It is now late afternoon and we invite Javier and another attorney we have picked up somewhere along the way to dinner. Following a repeat performance of the morning's drive, I unlock the front door of our
house, walk in and pronounce that I'll be right back... I have to go vomit. It was a day that was more than my physical and mental abilities could take and I excused myself from dinner, not sure that my stomach could suffer much more. Plans were set for our trip back into the city to visit the British Consulate on Thursday to clear up a wee problem with our Scottish marriage license. I drifted off to sleep thankful for a days rest before having to weather "The Hustle" again.

A day of rest and relaxation. My friend Maureen and I went with my weaver friends to their house in San Antonio Agua Caliente. The house was typical of rural Guatemala and it was a nice touch that
they had strung a big blue tarp around a concrete pipe in the back yard just for our "business". Neither Maureen nor I luckily had to decide triangle or square formation during our visit. Then, most certainly, I must have faltered from the extreem stress of the previous day, when I accepted some strange small green fruit (with peal and frozen) to eat. Not wanting to offend our hosts I quickly ate one and prayed not to regret it. The rest of the visit went wonderfully, I learned new weaving techniques, made tortillas, and bargained for beautiful woven skirt. It was time then to go home. And then it hit... sometime around 7pm, luckily in the comfort of my own bathroom without blue tarp. It started with a tiny gas pain... and within 30 minutes turned into full fledged, toss the toilet paper formation out the window and just make it to the bathroom in time event!!! The next wave was only 10 minutes later, followed by chills and then more visits to the bathroom. I decided to take quick and swift action and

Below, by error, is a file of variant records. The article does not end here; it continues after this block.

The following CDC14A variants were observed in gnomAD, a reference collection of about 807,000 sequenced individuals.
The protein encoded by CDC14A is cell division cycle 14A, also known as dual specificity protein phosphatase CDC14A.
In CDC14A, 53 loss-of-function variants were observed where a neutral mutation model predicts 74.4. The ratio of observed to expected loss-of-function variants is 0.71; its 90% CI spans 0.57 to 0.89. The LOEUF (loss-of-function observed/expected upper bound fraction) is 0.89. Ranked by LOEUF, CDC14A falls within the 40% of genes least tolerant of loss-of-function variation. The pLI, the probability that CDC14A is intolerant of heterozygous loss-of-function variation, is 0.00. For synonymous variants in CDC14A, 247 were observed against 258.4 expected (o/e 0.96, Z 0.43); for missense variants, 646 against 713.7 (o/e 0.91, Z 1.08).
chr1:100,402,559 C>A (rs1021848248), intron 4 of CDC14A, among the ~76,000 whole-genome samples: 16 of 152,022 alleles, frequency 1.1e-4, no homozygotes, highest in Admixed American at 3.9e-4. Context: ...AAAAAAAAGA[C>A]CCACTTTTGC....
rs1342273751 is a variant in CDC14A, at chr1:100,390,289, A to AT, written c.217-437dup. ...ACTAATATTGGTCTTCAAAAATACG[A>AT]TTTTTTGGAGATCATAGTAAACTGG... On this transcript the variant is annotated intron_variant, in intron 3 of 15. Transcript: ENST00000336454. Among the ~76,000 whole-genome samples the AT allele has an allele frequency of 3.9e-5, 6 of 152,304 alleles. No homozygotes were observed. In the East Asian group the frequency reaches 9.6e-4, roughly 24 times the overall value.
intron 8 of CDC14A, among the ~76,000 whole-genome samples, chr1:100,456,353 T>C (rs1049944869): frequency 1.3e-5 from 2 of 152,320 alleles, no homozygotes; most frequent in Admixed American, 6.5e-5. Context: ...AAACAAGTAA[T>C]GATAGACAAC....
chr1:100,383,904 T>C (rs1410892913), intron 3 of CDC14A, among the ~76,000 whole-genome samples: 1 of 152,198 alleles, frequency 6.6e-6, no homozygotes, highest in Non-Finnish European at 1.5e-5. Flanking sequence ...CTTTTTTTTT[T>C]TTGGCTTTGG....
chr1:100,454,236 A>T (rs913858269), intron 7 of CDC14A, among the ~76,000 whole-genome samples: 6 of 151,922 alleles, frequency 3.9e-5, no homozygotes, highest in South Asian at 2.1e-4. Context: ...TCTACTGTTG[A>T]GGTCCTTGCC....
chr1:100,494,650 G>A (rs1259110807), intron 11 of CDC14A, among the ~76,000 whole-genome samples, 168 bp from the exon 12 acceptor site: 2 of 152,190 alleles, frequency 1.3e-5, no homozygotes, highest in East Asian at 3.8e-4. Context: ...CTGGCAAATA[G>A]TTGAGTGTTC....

took half a bottle of Immodium Advanced. I'll let you know if my
intestine ever start working again. (Note added after this writing: This was the beginning of a month long battle that was finally cured by some backstreet pink pills that a pharmacists shoved through a slot in the door to me). I wearily climed into bed holding my cramping stomach wondering how I would survive another day with Javier on Thursday. Just before drifting off to sleep I dreamed of taking my diarheah ridden body back to PGN and obey their no toilet paper in the bowl rule. And yes, I did ponder the similarity of the toilet rules and my previos.

This day we wisely hired a taxi to safely deposit us at Javier's office at 9am. Somewhere between Antigua and Guatemala City we received a call indicating we should meet Javier at the British Consulates office instead. So we alter our course and make our way to the Banco International building. Naila and I quickly navigate our way to the 11th floor and deposit our cell phones and my camera at the security gate and enter the office to wait for the arrival of our attorney. It is 9am... 9:15...9:30... and then the
phone rings. It's Javier asking "Where are you??" He apparently is in the lobby downstairs. It takes him another 10 minutes to find his way to the BC office at which point he must stand outside the security gate until he finishes his phone call (of course!). We make our way to the window and explain why we have come. The nice lady takes my dossier and passport and promises to return. We wait anxiously. She returns and explains they can not do what we have asked and to make a long story short - I burst into tears, throw myself on the sofa and sob wildly. The poor woman behind the glass looks aghast and asks if I am going to be alright. Javier wastes no time taking advantage of the situation and pleads